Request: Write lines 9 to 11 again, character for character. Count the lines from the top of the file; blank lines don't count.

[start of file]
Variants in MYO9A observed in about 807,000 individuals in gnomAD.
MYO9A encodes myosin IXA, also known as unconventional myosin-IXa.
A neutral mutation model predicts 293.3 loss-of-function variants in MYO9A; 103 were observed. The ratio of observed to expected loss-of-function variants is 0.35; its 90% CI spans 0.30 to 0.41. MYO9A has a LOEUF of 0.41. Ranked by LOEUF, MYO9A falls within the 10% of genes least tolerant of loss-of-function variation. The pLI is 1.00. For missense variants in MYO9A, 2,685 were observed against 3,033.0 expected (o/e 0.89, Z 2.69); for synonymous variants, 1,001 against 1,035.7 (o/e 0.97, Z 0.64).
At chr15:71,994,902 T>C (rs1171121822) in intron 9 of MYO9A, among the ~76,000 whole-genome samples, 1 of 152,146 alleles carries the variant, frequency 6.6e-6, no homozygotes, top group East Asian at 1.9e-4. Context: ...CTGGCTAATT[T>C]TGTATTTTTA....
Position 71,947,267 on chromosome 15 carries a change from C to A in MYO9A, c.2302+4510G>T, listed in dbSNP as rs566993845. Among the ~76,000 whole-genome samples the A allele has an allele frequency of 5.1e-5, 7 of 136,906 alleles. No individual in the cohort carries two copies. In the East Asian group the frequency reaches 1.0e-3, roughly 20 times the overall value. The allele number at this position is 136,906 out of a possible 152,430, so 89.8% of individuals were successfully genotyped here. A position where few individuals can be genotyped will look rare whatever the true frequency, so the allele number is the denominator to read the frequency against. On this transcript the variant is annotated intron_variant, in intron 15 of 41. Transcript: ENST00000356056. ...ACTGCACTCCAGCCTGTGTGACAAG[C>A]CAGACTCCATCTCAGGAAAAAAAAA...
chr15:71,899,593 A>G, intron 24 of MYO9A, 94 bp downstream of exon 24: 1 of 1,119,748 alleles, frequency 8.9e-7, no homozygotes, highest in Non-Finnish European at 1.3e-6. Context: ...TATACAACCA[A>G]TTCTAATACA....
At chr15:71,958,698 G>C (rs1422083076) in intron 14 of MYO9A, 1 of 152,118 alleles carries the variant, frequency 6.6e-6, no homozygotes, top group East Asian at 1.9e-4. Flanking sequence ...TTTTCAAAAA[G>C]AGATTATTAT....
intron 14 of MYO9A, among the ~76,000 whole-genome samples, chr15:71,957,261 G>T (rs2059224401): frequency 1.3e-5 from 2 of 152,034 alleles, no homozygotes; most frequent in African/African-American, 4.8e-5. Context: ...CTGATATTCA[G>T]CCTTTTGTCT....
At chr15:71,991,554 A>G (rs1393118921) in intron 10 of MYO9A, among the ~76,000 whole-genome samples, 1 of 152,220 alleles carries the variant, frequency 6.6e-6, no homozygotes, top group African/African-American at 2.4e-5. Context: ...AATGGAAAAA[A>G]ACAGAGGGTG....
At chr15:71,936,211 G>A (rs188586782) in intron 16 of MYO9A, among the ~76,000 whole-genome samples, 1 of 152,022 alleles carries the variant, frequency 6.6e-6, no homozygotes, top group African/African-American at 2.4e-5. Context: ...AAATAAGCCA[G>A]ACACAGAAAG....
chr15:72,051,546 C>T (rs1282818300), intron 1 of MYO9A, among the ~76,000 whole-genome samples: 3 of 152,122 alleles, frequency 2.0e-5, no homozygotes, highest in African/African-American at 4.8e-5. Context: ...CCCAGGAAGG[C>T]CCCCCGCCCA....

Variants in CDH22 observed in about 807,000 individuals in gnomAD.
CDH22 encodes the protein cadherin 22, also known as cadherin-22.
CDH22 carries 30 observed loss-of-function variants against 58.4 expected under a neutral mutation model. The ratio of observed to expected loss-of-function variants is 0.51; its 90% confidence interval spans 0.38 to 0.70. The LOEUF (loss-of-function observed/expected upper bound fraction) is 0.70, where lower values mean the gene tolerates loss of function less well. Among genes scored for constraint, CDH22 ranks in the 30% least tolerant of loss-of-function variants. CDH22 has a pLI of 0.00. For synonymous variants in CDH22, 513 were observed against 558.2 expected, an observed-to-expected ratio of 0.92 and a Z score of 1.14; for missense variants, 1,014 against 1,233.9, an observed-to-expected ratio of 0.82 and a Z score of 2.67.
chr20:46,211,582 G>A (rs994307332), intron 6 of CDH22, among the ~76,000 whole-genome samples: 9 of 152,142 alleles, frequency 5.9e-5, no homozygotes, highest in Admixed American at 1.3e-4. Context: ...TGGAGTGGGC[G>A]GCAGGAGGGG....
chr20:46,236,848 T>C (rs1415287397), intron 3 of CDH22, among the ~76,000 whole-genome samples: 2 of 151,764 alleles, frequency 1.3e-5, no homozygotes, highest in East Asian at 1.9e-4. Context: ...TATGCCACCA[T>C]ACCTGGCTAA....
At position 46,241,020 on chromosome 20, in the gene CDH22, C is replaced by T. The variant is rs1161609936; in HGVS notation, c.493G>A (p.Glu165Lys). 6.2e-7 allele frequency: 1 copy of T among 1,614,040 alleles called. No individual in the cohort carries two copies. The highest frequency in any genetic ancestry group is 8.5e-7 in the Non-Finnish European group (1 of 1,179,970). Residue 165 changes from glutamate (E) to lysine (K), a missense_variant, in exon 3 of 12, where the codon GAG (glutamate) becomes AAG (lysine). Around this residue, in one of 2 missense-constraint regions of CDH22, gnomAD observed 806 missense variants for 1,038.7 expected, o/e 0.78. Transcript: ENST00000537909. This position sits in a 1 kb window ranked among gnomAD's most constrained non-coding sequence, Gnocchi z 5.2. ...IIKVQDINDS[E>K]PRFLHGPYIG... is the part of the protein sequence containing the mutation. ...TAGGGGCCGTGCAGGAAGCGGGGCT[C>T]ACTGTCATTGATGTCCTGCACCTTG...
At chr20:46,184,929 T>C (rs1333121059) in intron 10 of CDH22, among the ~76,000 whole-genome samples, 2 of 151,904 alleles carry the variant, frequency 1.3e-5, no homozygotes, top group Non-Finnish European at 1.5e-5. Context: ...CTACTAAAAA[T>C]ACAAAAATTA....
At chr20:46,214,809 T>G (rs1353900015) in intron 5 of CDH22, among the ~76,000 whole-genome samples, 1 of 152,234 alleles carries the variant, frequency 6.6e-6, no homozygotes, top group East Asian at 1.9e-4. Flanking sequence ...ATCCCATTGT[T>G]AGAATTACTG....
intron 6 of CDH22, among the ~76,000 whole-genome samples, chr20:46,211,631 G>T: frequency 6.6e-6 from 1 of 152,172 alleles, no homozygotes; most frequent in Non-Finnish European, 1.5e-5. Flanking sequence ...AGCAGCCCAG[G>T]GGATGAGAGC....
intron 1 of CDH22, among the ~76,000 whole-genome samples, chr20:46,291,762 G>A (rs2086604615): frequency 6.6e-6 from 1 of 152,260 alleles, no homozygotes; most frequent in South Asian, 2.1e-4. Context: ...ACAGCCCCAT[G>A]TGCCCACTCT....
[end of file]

At chr15:71,991,554 A>G (rs1393118921) in intron 10 of MYO9A, among the ~76,000 whole-genome samples, 1 of 152,220 alleles carries the variant, frequency 6.6e-6, no homozygotes, top group African/African-American at 2.4e-5. Context: ...AATGGAAAAA[A>G]ACAGAGGGTG....
At chr15:71,936,211 G>A (rs188586782) in intron 16 of MYO9A, among the ~76,000 whole-genome samples, 1 of 152,022 alleles carries the variant, frequency 6.6e-6, no homozygotes, top group African/African-American at 2.4e-5. Context: ...AAATAAGCCA[G>A]ACACAGAAAG....
chr15:72,051,546 C>T (rs1282818300), intron 1 of MYO9A, among the ~76,000 whole-genome samples: 3 of 152,122 alleles, frequency 2.0e-5, no homozygotes, highest in African/African-American at 4.8e-5. Context: ...CCCAGGAAGG[C>T]CCCCCGCCCA....